No Condonation Beyond 45 Days, IBC Overrides Limitation Act : NCLAT Chennai
Case Title: M/s. Platinum Rent A Car (India) Pvt. Ltd. v M/s. Quest Offices Limited
Case No.: Comp App (AT) (CH) (Ins) No.448/2022
The National Company Law Appellate Tribunal (“NCLAT”), Chennai Bench, comprising of Justice M. Venugopal (Judicial Member) and Ms. Shreesha Merla (Technical Member), has held that Section 238 of IBC overrides Section 12 of the Limitation Act, 1963. The Bench declined to condone a delay of 55 days in filing of appeal, which was caused due to time taken to obtain certified copy of order. The Bench further held that Rules of Procedure neither create any right in favour of a person, nor create a Cause of Action. If a Statute requires a certain remedy to be exercised in a particular manner and time, then the same cannot be exercised in any other manner except for the one specified.
After Adoption Of Swiss Challenge Method, RA Not Allowed To Submit Revised Plan: NCLAT Delhi
Case Title: Jindal Stainless Ltd. v Mr. Shailendra Ajmera
Case No.: Comp. App. (AT) (Ins.) No. 1058 of 2022
The National Company Law Appellate Tribunal (“NCLAT”), Principal Bench, comprising of Justice Ashok Bhushan (Chairperson) and Mr. Barun Mitra (Technical Member), has held that after adoption of Swiss Challenge Method to find out the best plan, one Resolution Applicant cannot be allowed to submit a revised plan. The Bench placed reliance on the Supreme Court judgment in Ngaitlang Dhar vs. Panna Pragati Infrastructure Private Limited & Ors., Civil Appeal Nos. 3665-3666 of 2020, and held that after adoption of Swiss Challenge Method to find out the best plan, one Resolution Applicant cannot be allowed to submit a revised plan.
The Bench observed that the decision of CoC to vote on the Resolution Plan after completion of Challenge Process and not to further accept any modification of the plan, should not be interfered with. The Application was filed by Shyam Sel and Power Ltd. on 07.08.2022, when CoC had already resolved the vote on all the plans and voting had also commenced w.e.f. 07.08.2022.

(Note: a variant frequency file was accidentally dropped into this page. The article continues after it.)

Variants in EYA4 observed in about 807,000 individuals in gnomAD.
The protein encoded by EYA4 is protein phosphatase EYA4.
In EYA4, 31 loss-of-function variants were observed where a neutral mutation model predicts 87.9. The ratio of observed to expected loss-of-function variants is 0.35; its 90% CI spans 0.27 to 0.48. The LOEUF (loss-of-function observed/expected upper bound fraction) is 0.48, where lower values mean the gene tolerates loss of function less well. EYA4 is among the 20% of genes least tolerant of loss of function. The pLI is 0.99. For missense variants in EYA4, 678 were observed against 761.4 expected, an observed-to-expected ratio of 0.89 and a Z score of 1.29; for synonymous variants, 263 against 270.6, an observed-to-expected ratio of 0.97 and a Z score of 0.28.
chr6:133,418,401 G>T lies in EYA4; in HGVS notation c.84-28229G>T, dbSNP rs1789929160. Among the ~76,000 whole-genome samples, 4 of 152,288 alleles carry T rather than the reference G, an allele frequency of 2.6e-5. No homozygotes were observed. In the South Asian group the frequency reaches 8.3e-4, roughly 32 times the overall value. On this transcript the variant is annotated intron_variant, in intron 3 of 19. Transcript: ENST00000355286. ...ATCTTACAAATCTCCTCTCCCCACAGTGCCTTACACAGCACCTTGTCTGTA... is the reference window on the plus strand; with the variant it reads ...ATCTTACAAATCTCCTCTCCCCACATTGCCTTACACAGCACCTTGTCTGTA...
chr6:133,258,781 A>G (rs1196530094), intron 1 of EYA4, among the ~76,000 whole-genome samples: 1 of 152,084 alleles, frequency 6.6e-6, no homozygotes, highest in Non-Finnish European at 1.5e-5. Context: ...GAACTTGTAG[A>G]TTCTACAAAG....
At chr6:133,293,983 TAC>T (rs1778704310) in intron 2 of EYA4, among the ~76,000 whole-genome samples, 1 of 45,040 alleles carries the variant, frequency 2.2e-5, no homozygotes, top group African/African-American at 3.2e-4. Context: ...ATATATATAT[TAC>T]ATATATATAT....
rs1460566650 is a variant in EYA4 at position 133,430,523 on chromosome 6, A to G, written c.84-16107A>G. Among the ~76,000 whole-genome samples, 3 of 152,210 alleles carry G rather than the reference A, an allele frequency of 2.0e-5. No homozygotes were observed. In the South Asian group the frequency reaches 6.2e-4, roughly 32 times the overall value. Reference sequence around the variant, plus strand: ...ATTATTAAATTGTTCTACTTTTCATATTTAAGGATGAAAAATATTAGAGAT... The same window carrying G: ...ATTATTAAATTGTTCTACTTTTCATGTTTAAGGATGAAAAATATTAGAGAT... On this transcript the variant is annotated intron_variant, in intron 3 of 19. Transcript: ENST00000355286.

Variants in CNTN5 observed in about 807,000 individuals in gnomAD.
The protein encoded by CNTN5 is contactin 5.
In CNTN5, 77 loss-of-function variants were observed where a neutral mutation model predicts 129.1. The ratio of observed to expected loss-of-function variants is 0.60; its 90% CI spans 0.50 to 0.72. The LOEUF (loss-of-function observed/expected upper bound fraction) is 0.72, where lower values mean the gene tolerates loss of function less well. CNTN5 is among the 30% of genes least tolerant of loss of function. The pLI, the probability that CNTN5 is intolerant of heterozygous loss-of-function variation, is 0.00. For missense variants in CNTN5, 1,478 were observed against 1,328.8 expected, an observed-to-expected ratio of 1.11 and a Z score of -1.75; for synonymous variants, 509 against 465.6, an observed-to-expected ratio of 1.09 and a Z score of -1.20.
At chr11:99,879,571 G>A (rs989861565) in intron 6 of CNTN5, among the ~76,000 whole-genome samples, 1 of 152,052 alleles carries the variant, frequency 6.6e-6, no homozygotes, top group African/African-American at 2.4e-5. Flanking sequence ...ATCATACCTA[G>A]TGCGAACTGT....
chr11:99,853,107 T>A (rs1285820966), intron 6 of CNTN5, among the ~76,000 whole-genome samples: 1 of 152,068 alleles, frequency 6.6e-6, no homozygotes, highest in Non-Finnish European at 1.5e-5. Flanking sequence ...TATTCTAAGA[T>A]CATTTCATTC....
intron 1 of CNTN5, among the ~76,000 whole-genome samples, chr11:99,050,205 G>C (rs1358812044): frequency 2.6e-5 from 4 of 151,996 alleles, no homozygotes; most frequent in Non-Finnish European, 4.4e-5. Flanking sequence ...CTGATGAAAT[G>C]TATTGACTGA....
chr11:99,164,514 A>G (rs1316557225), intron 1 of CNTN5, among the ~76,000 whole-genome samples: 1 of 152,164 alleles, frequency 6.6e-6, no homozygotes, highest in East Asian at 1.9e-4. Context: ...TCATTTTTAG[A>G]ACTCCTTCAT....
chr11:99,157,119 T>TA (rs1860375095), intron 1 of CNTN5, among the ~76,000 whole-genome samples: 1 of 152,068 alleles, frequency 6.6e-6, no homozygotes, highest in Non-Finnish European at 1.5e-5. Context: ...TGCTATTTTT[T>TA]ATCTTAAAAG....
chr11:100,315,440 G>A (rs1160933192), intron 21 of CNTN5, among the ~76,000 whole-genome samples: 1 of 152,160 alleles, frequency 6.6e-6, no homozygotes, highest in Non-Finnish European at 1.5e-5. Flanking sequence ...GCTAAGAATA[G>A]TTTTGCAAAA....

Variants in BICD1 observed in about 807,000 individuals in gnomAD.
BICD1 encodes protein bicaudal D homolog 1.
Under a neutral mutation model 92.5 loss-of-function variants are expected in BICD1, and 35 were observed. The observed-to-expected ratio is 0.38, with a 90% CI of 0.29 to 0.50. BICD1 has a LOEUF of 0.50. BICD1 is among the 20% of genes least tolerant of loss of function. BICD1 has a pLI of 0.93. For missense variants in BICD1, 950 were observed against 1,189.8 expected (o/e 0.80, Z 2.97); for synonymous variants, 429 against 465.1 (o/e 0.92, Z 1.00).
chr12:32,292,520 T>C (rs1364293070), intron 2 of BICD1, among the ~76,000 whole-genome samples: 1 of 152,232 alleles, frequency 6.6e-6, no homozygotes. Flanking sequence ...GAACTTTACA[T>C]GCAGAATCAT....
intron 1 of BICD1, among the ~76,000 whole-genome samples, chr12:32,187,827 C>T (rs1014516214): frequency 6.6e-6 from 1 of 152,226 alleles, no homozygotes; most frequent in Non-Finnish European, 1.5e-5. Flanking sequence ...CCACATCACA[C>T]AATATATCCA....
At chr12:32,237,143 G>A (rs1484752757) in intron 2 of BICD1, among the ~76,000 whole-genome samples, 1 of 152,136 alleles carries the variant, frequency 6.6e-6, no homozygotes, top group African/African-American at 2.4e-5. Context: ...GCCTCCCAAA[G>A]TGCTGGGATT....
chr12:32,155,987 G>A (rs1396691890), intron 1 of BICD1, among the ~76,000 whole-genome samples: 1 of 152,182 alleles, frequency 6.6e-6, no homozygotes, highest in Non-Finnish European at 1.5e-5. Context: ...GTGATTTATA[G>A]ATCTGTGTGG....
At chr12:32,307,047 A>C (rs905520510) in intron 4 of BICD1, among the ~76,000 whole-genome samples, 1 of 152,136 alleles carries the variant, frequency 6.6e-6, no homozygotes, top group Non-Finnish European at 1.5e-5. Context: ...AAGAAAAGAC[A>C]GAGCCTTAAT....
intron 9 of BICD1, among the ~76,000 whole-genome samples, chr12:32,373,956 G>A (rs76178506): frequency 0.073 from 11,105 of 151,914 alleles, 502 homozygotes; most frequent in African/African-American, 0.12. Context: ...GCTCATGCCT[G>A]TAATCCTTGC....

Withdrawal Application U/S 12a Can’t Be Entertained After Approval Of Resolution Plan By COC: NCLAT Delhi
Case Title: Hem Singh Bharana v M/s Pawan Doot Estate Pvt. Ltd. & Ors.
Case No.: Company Appeal (AT) (Insolvency) No.1481 of 2022.
The National Company Law Appellate Tribunal (“NCLAT”), Principal Bench, comprising of Justice Ashok Bhushan (Chairperson) and Mr. Barun Mitra (Technical Member), has held that once the Committee of Creditors approve a resolution plan, no withdrawal application under Section 12A of IBC can be entertained. Approval of a Resolution Plan by the CoC prohibits the Resolution Applicant to modify or withdraw from the Plan, the same embargo is placed on CoC from changing its stand. It was observed that the Supreme Court in Ebix Singapore laid down that after approval by the CoC of a Resolution Plan, CoC itself is bound by its decision and cannot be allowed to go back from its decision and pass any other resolution.
NCLAT Rejects Reliance Capital’s Creditor Plea To Vacate Status Quo Order
Case Title: Vistra ITCL v. Torrent Investments
Case No.: CA(AT)(Ins) 87/2023
The National Company Law Appellate Tribunal (NCLAT), Principal Bench, comprising of Justice Ashok Bhushan (Chairperson) and Mr. Barun Mitra (Technical Member), disposed off the appeal filed by the Reliance Capital Creditor namely Vistra ITCL against the NCLT Mumbai order dated 23.01.2023. Torrent Investment which emerged as the successful bidder for Reliance Capital with a bid of Rs. 8640 Crores, filed an application before NCLT Mumbai challenging the fresh revised bid of Rs. 9400 Crores submitted by Hinduja Group and the NCLT Mumbai vide its order dated 03.01.2023 directed to maintain status quo.
Subsequently, the COC of Reliance Capital decided to hold another round of auction which was challenged by Torrent Investment before NCLT Mumbai. NCLT Mumbai heard the parties reserved the order on 23.01.2023 and directed the parties to maintain the status quo regarding the CIRP of Reliance Capital until the order is pronounced in the week commencing 30th January. Vistra ITCL contended that NCLT cannot interfere with the COC commercial wisdom to approve an extended round of challenge for the Prospective Resolution Applicants of Reliance Capital. The NCLAT Bench was not inclined to pass any interim order and thereafter Vistra ITCL sought permission to withdraw the appeal and accordingly, the appeal was dismissed as withdrawn.